Reversing loop, reversing block, reversing section, all the same as far as the module cares. You just need one. Your diagram looks fine, if the gaps are good (not bridged) then only the module can be at fault. Or perhaps, voltage drop. If the module proves good in the test, try connecting a dc power pack in place of the dcc. This because you can read dc voltage with a regular meter, you can't with dcc. Read the voltage at the point the power is connected to the rails, and at the gaps at each end of the reverse block. If there is much of a drop, the module may not work correctly.

    Good luck
  9. Gary Pfeil

    Gary Pfeil Active Member

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    Sure you can use alligator clips. You need to power each end opposite polarity, to simulate each end of a reverse block. The middle section will be connected to the module. So, you'll need four leads for the ends (two each) and four more for the leads of the module. Really no different than on the layout. When the first axle of the loco bridges the gap at either end, it will cause the module to change polarity in the middle section to match the end. If the module doesn't flip, its bad. No, it won't damage the sytem. At worst, if the two polarities touch , it will trip your breaker.

    Your turnouts are not the source of your troubles.

    Reversing loop, reversing block, reversing section, all the same as far as the module cares. You just need one. Your diagram looks fine, if the gaps are good (not bridged) then only the module can be at fault. Or perhaps, voltage drop. If the module proves good in the test, try connecting a dc power pack in place of the dcc. This because you can read dc voltage with a regular meter, you can't with dcc. Read the voltage at the point the power is connected to the rails, and at the gaps at each end of the reverse block. If there is much of a drop, the module may not work correctly.

    Good luck
  10. Gary Pfeil

    Gary Pfeil Active Member

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    Now I know why some posts are duplicated, my post usually load immediately, when they don't I click again thinking I wasn't in the right spot the first time, then after a long while, two posts!
  11. Mannix

    Mannix Member

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    Gary, thanks for your reply. Hopefully I will get some time to run that test tomorrow.
  12. Mannix

    Mannix Member

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    Gary, I built my test track this afternoon and the module worked the same as it did on my layout. I am attaching the diagram of the test track. I can run my locomotive from B to A; however, when I reverse the locomotive I can come back from A through C but once it crosses into B I get a short. I have an idea that my module is defective, and I just purchased it on line.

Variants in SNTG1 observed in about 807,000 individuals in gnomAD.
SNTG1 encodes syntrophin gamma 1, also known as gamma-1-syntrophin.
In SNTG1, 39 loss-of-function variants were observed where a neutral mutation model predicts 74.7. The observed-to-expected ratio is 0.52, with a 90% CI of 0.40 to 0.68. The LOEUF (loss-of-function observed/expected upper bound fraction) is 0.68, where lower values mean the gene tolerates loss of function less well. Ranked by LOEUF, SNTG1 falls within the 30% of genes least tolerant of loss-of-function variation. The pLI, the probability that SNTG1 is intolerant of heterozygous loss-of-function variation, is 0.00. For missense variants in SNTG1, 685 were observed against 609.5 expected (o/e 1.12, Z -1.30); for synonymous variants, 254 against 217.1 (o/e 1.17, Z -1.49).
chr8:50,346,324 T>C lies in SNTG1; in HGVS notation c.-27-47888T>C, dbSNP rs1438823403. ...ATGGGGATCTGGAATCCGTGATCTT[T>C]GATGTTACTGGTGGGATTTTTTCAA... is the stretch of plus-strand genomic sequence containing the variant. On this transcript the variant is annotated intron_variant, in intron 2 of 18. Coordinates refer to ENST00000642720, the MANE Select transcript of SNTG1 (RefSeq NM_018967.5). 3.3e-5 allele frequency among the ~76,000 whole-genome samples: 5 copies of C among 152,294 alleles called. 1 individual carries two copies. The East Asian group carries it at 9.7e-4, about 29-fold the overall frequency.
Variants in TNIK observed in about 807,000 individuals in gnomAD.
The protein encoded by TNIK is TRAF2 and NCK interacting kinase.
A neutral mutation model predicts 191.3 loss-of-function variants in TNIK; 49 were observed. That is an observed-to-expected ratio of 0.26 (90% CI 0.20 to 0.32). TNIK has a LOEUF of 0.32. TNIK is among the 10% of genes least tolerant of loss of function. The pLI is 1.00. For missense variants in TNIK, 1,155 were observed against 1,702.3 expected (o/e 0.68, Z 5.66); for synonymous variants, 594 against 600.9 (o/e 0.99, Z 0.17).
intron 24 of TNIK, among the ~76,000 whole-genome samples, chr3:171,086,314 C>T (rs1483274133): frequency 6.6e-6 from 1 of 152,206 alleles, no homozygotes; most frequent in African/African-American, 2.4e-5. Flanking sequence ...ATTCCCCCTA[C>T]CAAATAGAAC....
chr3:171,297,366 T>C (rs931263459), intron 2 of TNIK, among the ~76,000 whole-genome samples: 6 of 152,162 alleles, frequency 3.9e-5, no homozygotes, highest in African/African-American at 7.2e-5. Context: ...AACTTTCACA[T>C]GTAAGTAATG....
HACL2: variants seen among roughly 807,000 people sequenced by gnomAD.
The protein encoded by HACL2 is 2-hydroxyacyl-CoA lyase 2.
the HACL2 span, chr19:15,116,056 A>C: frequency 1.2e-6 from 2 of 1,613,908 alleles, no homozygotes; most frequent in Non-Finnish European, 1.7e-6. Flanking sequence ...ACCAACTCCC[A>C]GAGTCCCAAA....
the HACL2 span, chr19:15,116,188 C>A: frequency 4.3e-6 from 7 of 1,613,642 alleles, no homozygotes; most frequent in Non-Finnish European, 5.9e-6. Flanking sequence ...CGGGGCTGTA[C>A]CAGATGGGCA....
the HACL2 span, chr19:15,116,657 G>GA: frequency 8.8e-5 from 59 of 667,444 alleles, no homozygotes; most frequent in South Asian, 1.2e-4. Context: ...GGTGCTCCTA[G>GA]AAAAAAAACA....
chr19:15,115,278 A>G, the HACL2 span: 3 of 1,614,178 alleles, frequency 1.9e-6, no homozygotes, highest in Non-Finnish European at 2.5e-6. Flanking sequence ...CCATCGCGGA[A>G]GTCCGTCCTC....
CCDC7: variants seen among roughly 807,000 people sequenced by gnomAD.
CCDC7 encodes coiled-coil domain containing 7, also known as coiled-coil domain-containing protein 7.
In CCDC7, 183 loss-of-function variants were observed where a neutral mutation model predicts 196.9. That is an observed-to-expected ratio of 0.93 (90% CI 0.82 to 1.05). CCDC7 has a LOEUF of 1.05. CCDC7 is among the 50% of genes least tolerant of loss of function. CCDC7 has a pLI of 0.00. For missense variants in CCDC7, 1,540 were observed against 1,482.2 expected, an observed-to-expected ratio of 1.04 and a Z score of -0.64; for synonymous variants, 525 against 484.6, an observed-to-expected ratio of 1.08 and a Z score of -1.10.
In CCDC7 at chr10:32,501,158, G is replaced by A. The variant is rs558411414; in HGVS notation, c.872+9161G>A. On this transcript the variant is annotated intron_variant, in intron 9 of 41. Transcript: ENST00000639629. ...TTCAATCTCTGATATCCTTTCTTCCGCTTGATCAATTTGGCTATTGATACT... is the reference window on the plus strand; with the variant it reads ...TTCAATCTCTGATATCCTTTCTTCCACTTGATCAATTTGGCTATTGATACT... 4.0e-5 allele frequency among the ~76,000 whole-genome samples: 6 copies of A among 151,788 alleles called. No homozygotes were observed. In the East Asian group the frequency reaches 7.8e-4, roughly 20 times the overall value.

Attached Files:

  13. Mannix

    Mannix Member

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    That diagram is too small to read! A is the section to the far left. C is in the middle and B is to the far right. I connected the yellow wires from the module to the C section and the red wires from the module to the B section. I powered both ends from my layout, and I changed the polarity on the opposite ends. I had a larger diagram; however, the gauge said it was too large so ended up with the small one which is worthless!
  14. steamhead

    steamhead Active Member

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    Yup, sure looks like the module is bad...Did you buy it from a store or an individual..??
    A store should exchange it ( or MRC); an individual..???
    Good luck...!!!
  15. Gary Pfeil

    Gary Pfeil Active Member

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    Kinda figured it had to be bad, everything else looked good. I've had several of those MRC go bad, but haven't read about others with the same problem. They have a solenoid, perhaps they are sensitive to the position they are used in? You might try positioning so wires come out the top, or bottom, some such. Or just chuck it if you can't get a free replacement. I'm willing to send you 2 pcs I replaced with modules by Tony's. I love his. The MRC ones I have were working when I took them out. They only work reliably with diesel! My steam almost never make it thru, and yes it was only one end that gave me trouble! If you'd like to try mine, pm me an address to send them to.

    At least you know the layout is correct!